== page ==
As a white person, the thing you should have expertise about is being white. But white people are strangely unable to articulate how their race affects their life. Unlike blacks, who seem keenly aware and articulate when it comes to talking about their black experience, I’ve never heard a white person talk about what it’s like to be white.
So the conversation is terribly one-sided, with blacks talking about their racial experiences, and whites talking about blacks’ racial experiences. It’s ineffective and it’s insulting.
How can you start to understand race as a white person? It’s pretty simple. Ask yourself what kinds of things happen to you because you’re white. Everyone’s experience is different, but here a few that apply to me.
- Because I’m white, I’m not afraid of the police if I’m not breaking the law.
- Because I’m white, people assume I’m a law-abiding citizen.
- Because I’m white, people assume I’m hard-working and smart until I demonstrate otherwise.
- Because I’m white, I can buy or rent a home in almost any place that I can afford one.
- Because I’m white, potential clients trust me.
- Because I’m white, when I lived in Asia I was treated well.
- Because I’m white, when I travel in most of Europe I blend in until I open my mouth.
- Because I’m white, none of my forebears in this country were slaves.
- Because I’m white, my great-great-grandfather was a slaveholder.
- Because I’m white, I’ve always been free to vote and encouraged to do so.
- Because I’m white, no one ever called me a racial epithet.
- Because I’m white, I graduated from a good college and a very good law school.
- Because I’m white, I live in a neighborhood with lots of other whites.
Now, I know what you’re going to say. “Those things didn’t happen to you just because you’re white. They happened to you for other reasons as well. You worked hard, your parents helped you, you’re financially responsible, etc.”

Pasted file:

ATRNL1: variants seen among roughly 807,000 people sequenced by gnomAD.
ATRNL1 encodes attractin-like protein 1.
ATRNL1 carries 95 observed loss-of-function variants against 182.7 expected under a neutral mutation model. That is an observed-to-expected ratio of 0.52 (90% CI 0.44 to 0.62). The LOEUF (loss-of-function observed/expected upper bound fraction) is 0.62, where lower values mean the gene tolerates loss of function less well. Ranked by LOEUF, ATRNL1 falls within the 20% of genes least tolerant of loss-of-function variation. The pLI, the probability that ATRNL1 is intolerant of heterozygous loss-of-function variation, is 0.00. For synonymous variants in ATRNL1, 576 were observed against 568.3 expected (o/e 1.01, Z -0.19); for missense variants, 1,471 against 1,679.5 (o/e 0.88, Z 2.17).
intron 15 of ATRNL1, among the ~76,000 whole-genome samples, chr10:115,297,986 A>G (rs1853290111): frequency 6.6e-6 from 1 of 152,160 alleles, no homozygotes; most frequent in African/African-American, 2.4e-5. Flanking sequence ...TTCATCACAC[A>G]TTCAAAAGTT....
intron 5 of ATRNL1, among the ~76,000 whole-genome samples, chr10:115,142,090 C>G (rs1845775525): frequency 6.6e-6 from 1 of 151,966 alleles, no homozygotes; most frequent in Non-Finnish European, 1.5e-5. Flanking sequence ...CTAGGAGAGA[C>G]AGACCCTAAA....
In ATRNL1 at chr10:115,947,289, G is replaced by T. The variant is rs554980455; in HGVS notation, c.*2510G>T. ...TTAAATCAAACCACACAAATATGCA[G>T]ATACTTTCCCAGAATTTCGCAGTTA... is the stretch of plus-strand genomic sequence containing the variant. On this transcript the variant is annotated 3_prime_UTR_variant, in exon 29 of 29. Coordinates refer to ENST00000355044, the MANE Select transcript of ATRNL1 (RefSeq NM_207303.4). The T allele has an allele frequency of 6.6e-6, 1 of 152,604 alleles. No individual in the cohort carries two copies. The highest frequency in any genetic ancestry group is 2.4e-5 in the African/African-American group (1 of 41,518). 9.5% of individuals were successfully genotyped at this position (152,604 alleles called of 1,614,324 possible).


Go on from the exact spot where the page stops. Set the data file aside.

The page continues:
And you’re right. There are lots of factors that have made my life the way it is, dumb luck being the biggest. But we’re not talking about those things, remember? We’re talking about race, and we’re trying to understand its importance for ourselves. How has it helped us? How has it hurt us? Has it hurt us? How has our racial identity been used to hurt others? Would our daily experience be the same if we weren’t white?
The best explanation of white racial identity I’ve ever seen was the satirical blog, “Stuff White People Like.” It was good because it talked about race from the standpoint of white culture — making fun of it, to be sure, but couching the discussion in terms of what white people think, how they are treated, how they behave. Although much of it was silly, all of it was racial without pretending to talk about what black people like, or how black people are, or worse, how black people should be.
It viewed the world from the satirical perspective of how being white shapes our lives. It was wildly successful because of its rarity. Thinking about our advantages and disadvantages from the lens of being white was out of the box.
Unfortunately, most white people take their race for granted because it’s rarely an issue. Instead, they use “race” to mean “other people’s race.” And when terrible things like Ferguson or Trayvon Martin happen, what’s needed is for all of us to try and understand how our ethnicity plays a role.
Rodney King asked, “Can’t we all just get along?” Apparently not. But it doesn’t mean we shouldn’t try.
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August 19, 2014 § 11 Comments
People are so darned lonely, and it’s not hard to see why. They fart. They smell bad in the morning. They leave skid marks in their shorts and whiskers in the sink, and they forget to flush and to put the cap back on the toothpaste. And then of course they have their bad habits, too.